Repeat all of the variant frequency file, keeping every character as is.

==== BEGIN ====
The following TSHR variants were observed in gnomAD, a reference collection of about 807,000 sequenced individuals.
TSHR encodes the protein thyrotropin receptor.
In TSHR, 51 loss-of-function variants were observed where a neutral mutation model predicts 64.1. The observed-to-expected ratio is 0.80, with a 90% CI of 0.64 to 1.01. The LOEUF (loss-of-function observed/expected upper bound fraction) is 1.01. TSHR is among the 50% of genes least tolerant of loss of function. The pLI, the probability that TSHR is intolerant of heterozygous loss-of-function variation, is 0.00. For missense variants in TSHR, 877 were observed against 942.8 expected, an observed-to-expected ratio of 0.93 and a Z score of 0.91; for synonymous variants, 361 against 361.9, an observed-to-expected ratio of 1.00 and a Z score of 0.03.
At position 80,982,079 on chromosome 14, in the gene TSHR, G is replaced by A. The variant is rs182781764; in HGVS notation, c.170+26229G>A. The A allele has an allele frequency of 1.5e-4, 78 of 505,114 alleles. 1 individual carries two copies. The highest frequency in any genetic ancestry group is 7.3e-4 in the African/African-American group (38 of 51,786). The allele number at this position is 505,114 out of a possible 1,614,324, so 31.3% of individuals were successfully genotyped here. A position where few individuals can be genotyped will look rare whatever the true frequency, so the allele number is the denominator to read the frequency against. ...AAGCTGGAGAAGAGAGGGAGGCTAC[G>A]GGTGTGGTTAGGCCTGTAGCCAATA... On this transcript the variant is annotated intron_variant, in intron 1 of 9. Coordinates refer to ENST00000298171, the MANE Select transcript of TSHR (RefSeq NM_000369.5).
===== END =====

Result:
The following TSHR variants were observed in gnomAD, a reference collection of about 807,000 sequenced individuals.
TSHR encodes the protein thyrotropin receptor.
In TSHR, 51 loss-of-function variants were observed where a neutral mutation model predicts 64.1. The observed-to-expected ratio is 0.80, with a 90% CI of 0.64 to 1.01. The LOEUF (loss-of-function observed/expected upper bound fraction) is 1.01. TSHR is among the 50% of genes least tolerant of loss of function. The pLI, the probability that TSHR is intolerant of heterozygous loss-of-function variation, is 0.00. For missense variants in TSHR, 877 were observed against 942.8 expected, an observed-to-expected ratio of 0.93 and a Z score of 0.91; for synonymous variants, 361 against 361.9, an observed-to-expected ratio of 1.00 and a Z score of 0.03.
At position 80,982,079 on chromosome 14, in the gene TSHR, G is replaced by A. The variant is rs182781764; in HGVS notation, c.170+26229G>A. The A allele has an allele frequency of 1.5e-4, 78 of 505,114 alleles. 1 individual carries two copies. The highest frequency in any genetic ancestry group is 7.3e-4 in the African/African-American group (38 of 51,786). The allele number at this position is 505,114 out of a possible 1,614,324, so 31.3% of individuals were successfully genotyped here. A position where few individuals can be genotyped will look rare whatever the true frequency, so the allele number is the denominator to read the frequency against. ...AAGCTGGAGAAGAGAGGGAGGCTAC[G>A]GGTGTGGTTAGGCCTGTAGCCAATA... On this transcript the variant is annotated intron_variant, in intron 1 of 9. Coordinates refer to ENST00000298171, the MANE Select transcript of TSHR (RefSeq NM_000369.5).